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Who are the Muslims? (part 1 of 2)

  
Description: Over a billion people from all races, nationalities and cultures – this part gives an introduction to who Muslims are and their contribution to the world.
By islamuncovered.com
Published on 25 Jun 2012 - Last modified on 03 Mar 2013
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Category: Articles > Beliefs of Islam > What is Islam

whoareMuslims1.jpgMuslims come from all races, nationalities and cultures across the globe. They have varied languages, foods, dress, and customs; even the way they practice may differ. Yet they all consider themselves to be Muslim.

Less than 15% of Muslims live in the Arab world; a fifth are found in Sub-Saharan Africa; and the world’s largest Muslim community is in Indonesia. Substantial parts of Asia, and almost all Central Asian republics, are Muslims. Significant Muslim minorities are found in China, India, Russia, Europe, North America and South America.

Over a billion people from all races, nationalities and cultures across the globe are Muslims-from the rice farms of Indonesia to the desert heart of Africa; from the skyscrapers of New York to the Bedouin tents in Arabia.

How did the spread of Islam affect the World?

The Muslim community continued to grow after Prophet Muhammad’s death. Within a few decades, vast numbers of people across three continents-Africa, Asia and Europe- had chosen Islam as their way of life.

One of the reasons for the rapid and peaceful spread of Islam was the purity of its doctrine-Islam calls for faith in only One God. This, coupled with the Islamic concepts of equality, justice and freedom, resulted in a united and peaceful community. People were free to travel from Spain to China without fear, and without crossing any borders.

Many Muslims scholars traveled to these cities seeking knowledge. They translated into Arabic volumes of philosophical and scientific works from Greek and Syriac languages (the languages of Eastern Christian scholars), from Pahlavi (the scholarly language of Pre-Islamic Persia), and from Sanskrit (an ancient Indian language). As a result, Arabic became the language of worldly scholarship, and people migrated from all over the world to study in the Muslim Universities.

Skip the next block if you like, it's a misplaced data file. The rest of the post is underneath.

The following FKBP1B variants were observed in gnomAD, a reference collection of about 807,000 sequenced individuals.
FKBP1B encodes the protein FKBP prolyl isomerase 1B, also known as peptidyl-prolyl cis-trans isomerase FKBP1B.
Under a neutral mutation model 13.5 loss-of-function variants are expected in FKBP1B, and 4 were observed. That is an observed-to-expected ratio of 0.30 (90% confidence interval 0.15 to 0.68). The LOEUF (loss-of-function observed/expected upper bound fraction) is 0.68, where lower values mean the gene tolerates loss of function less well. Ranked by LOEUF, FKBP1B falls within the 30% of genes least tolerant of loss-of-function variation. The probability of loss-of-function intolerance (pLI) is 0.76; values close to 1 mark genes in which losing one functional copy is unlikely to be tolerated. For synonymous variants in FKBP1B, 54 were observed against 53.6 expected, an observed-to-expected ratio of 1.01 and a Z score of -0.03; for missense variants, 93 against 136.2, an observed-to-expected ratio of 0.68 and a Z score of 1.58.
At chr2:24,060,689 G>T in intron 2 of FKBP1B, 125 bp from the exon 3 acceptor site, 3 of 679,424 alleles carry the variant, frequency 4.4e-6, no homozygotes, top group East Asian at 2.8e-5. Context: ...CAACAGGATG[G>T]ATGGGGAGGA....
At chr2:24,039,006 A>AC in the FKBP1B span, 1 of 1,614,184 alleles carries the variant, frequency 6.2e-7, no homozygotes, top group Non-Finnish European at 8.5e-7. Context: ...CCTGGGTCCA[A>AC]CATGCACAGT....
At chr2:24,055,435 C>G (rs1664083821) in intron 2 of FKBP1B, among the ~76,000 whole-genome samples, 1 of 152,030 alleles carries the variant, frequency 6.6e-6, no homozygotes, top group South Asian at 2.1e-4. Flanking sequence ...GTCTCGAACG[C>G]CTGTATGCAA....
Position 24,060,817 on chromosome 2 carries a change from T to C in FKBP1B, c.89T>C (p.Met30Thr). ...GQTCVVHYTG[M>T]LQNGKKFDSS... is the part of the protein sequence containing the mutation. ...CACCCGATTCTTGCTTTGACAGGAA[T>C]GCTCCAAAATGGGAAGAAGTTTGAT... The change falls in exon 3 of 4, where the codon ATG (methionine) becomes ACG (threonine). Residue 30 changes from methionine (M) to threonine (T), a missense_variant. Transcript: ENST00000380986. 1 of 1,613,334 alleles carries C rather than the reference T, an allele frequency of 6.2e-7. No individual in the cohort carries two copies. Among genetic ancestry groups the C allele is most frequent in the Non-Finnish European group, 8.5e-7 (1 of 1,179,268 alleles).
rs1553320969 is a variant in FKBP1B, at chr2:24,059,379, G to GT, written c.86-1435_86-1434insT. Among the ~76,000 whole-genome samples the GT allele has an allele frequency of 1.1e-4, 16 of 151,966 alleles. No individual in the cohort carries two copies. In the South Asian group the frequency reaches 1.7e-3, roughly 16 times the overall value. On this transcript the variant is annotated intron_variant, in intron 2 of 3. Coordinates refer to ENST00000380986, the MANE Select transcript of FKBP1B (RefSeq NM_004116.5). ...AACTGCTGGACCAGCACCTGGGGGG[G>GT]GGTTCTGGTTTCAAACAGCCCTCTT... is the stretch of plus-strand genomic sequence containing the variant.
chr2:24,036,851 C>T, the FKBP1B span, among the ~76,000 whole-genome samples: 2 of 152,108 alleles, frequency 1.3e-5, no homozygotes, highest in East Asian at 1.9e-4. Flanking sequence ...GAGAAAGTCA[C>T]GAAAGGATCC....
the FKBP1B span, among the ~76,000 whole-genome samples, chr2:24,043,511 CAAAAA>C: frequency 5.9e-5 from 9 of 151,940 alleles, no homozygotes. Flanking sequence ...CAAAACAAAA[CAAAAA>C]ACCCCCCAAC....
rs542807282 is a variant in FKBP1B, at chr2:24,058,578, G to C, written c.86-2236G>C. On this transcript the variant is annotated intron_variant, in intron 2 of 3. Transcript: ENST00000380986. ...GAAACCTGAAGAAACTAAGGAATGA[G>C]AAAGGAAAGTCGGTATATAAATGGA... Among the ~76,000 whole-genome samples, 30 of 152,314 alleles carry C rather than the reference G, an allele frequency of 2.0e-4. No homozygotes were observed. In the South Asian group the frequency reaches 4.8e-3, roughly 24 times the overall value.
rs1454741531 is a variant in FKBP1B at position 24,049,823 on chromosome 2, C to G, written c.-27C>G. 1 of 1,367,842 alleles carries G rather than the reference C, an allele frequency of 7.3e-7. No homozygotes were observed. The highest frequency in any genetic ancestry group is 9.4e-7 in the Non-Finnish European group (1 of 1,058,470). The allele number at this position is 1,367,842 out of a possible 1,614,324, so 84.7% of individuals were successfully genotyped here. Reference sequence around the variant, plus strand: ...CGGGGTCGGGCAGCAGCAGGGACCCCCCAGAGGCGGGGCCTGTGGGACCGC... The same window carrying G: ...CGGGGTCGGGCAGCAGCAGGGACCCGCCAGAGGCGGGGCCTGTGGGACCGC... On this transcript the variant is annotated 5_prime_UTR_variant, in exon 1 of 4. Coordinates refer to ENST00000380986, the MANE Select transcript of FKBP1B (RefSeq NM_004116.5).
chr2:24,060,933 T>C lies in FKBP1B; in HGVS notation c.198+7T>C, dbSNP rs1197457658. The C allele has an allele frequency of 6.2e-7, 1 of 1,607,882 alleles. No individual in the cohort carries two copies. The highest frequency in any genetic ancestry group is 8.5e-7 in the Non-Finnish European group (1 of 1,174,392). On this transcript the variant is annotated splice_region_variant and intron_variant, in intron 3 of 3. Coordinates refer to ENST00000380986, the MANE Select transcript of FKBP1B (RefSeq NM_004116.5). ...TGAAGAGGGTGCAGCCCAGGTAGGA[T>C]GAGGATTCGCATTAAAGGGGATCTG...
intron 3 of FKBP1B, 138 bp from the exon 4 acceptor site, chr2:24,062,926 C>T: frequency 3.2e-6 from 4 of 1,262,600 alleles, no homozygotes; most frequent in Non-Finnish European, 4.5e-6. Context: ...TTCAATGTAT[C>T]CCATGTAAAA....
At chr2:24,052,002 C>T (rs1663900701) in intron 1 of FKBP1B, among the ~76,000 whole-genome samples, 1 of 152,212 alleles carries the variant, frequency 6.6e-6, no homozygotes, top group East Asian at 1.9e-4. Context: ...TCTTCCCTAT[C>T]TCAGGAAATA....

By 850, most of the philosophical and scientific works of Aristotle; much of Plato and the Pythagorean School; and the major works of Greek astronomy, mathematics and medicine such as the Almagest of Ptolemy, the Elements of Euclid, and the works of Hippocrates and Galen, were all rendered into Arabic. For the next 700 years, Arabic became the most important scientific language of the world and the repository of much of the wisdom and the sciences of antiquity.

The achievement of scholars working in the Islamic tradition went far beyond translation and preservation of ancient learning. These scholars built upon the ancient heritage with their own scientific advances. These advancements were a direct cause of the Renaissance in Europe.

Muslims excelled in art, architecture, astronomy, geography, history, language, literature, medicine, mathematics and physics. Many crucial systems such as algebra, the Arabic numerals, and the very concept of the zero (vital to the advancement of mathematics), were formulated by Muslim scholars and shared with medieval Europe. Muslims invented sophisticated instruments that made future European voyages of discovery possible: the astrolabe, the quadrant, and detailed navigational maps and charts.

Muslims Contribution To Science

Astronomy

Muslims have always had a special interest in astronomy. The moon and the sun are of vital importance in the daily life of every Muslim. By the moon, Muslims determine the beginning and the end of the months in their lunar calendar. By the sun the Muslims calculate the times for prayer and fasting. It is also by means of astronomy that Muslims can determine the precise direction of the Qiblah, to face the Ka'bah in Makkah, during prayer.

The Quran contains many references to astronomy.

"The heavens and the earth were ordered rightly, and were made subservient to man, including the sun, the moon, the stars, and day and night. Every heavenly body moves in an orbit assigned to it by God and never digresses, making the universe an orderly cosmos whose life and existence, diminution and expansion, are totally determined by the Creator." (Quran 30:22)

These references, and the injunctions to learn, inspired the early Muslim scholars to study the heavens. They integrated the earlier works of the Indians, Persians and Greeks into a new synthesis. Ptolemy's Almagest (the title as we know it is Arabic) was translated, studied and criticized. Many new stars were discovered, as we see in their Arabic names - Algol, Deneb, Betelgeuse, Rigel, Aldebaran. Astronomical tables were compiled, among them the Toledan tables, which were used by Copernicus, Tycho Brahe and Kepler. Also compiled were almanacs - another Arabic term. Other terms from Arabic are zenith, nadir, albedo, azimuth.

Muslim astronomers were the first to establish observatories, like the one built at Mugharah and they invented instruments such as the quadrant and astrolabe, which led to advances not only in astronomy but in oceanic navigation, contributing to the European age of exploration.

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